Hearing loss is traditionally considered an older person’s problem – as a matter of fact, it’s estimated that almost 50% of individuals aged 75 and older copes with some kind of hearing loss. But studies show that younger individuals are at risk for hearing loss – and, alarmingly, they’re losing their hearing despite the fact that it’s completely avoidable.
In fact, 34% of the 479 freshmen who were studied across 4 high schools demonstrated symptoms of hearing loss. What could be causing this? The concept is that mobile devices with earbuds connected are contributing to the issue. And younger people are not the only ones at risk.
What causes hearing loss in individuals under 60?
If others can hear your music, it’s too loud and that’s a general rule for teenagers and everyone. Harm to your hearing can occur when you listen to sounds above 85 decibels – which is about the sound of a vacuum cleaner – for an extended period of time. A normal mobile device with the volume turned all the way up clocks in at about 106 decibels. In this scenario, damage begins to happen in under 4 minutes.
It might seem as if everybody would know this but teenagers frequently have their headphones in for hours at a time. During this time, they’re listening to music, playing games, and watching video. And if current research is to be believed, this time will only increase over the next several years. Research shows that smartphones and other screens stimulate dopamine production in younger kids’ brains, which is the same reaction caused by addictive drugs. Kids’ hearing will suffer as it becomes more difficult to get them to put down their devices.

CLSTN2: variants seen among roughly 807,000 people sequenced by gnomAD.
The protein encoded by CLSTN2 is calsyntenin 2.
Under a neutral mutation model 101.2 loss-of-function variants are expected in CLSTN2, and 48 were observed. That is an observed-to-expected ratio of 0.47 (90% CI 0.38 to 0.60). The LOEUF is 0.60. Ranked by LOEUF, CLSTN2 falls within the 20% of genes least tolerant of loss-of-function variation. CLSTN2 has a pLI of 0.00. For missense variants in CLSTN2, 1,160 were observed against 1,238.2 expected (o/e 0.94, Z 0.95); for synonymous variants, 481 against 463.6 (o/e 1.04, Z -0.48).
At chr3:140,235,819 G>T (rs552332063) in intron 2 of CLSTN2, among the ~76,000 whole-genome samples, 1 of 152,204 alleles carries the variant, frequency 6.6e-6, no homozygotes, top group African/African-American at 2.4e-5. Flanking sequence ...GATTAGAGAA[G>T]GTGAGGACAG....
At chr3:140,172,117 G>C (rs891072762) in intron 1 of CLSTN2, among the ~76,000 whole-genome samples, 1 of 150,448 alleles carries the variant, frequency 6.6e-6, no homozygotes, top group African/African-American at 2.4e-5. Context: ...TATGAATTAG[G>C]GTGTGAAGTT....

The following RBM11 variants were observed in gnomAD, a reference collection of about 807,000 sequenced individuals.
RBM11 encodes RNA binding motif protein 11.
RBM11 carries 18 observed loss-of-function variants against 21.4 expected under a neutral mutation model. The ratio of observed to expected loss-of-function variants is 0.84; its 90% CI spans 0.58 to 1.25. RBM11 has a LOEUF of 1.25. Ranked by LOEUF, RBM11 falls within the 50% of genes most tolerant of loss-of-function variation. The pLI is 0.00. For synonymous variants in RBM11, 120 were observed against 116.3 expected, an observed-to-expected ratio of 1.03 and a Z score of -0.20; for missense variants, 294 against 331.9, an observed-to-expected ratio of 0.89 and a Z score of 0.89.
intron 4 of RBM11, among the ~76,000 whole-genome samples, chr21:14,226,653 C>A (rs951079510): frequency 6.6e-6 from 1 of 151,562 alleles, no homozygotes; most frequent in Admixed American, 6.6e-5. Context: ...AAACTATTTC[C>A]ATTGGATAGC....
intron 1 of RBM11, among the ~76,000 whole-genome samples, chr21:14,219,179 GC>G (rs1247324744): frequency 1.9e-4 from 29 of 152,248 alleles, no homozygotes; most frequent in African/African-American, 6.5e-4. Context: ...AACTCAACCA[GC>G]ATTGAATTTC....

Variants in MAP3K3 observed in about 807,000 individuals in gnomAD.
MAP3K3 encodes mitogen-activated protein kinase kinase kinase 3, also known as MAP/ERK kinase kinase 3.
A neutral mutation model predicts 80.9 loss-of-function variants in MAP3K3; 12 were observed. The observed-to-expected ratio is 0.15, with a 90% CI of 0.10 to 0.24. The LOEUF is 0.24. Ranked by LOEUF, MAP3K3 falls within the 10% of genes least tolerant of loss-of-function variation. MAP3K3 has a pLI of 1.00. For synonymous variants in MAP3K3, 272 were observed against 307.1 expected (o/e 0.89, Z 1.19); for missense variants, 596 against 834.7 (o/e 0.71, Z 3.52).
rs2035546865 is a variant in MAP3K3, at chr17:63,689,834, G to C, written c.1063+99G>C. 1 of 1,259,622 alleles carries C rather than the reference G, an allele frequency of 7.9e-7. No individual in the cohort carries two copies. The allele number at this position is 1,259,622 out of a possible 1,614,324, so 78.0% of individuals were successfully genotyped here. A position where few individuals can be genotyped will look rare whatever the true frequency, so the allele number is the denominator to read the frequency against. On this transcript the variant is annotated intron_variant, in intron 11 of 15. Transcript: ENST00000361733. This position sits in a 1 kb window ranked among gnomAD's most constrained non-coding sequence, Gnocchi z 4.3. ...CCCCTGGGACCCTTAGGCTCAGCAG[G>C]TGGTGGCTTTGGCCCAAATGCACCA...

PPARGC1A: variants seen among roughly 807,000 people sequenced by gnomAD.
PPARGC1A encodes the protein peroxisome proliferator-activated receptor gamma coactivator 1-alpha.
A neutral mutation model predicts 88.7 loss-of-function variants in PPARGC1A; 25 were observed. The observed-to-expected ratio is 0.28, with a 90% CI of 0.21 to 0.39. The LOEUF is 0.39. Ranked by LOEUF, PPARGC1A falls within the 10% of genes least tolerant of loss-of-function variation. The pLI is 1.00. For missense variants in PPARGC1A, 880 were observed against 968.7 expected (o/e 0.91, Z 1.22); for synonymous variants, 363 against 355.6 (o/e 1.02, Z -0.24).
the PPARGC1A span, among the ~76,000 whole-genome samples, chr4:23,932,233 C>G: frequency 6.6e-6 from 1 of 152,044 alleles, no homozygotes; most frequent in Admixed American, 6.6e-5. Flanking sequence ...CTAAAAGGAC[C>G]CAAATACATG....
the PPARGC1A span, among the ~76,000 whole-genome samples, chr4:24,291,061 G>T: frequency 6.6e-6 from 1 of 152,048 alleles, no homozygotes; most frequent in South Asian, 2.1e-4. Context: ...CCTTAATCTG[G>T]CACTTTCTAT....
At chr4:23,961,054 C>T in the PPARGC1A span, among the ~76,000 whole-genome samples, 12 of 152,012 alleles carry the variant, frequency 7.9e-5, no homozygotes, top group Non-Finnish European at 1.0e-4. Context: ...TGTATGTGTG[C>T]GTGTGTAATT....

The risks of hearing loss in young people
Obviously, hearing loss creates numerous challenges for anybody, regardless of age. For younger individuals though, after school activities, sports, and job prospects produce additional challenges. Hearing loss at a young age causes issues with paying attention and understanding concepts during class, which puts the student at a disadvantage. Sports become particularly hard if you can’t hear coaches and teammates calling plays and giving directions. Young adults and teenagers entering the workforce can face unnecessary obstacles due to hearing loss.
Social issues can also continue due to hearing loss. Kids frequently develop emotional and social problems which can require therapy if they have hearing loss. Mental health issues are common in individuals of all ages who cope with hearing loss because they often feel isolated and experience depression and anxiety. Mental health treatment and hearing loss management often go together and this is particularly true with kids and teenagers in their early developmental years.
Preventing hearing loss when you’re young
The first rule to follow is the 60/60 rule – devices and earbuds should only be used for 60 minutes a day at 60% or less of the maximum volume. If your kids listen to headphones at 60% and you can still hear them while sitting close to them, you should have them turn it down until you can’t hear it.
You may also want to replace the earbuds and go with the older style over-the-ear headphones. In comparison to traditional headphones, earbuds put inside of the ear canal can actually produce 5 to 10 extra decibels.
Generally, though, do what you can to control your child’s exposure to loud sounds during the day. Try to make their home time free of headphone use because you can’t control what they’re doing while they’re not home. And if you do believe your child is experiencing hearing loss, you should have them evaluated as soon as possible.
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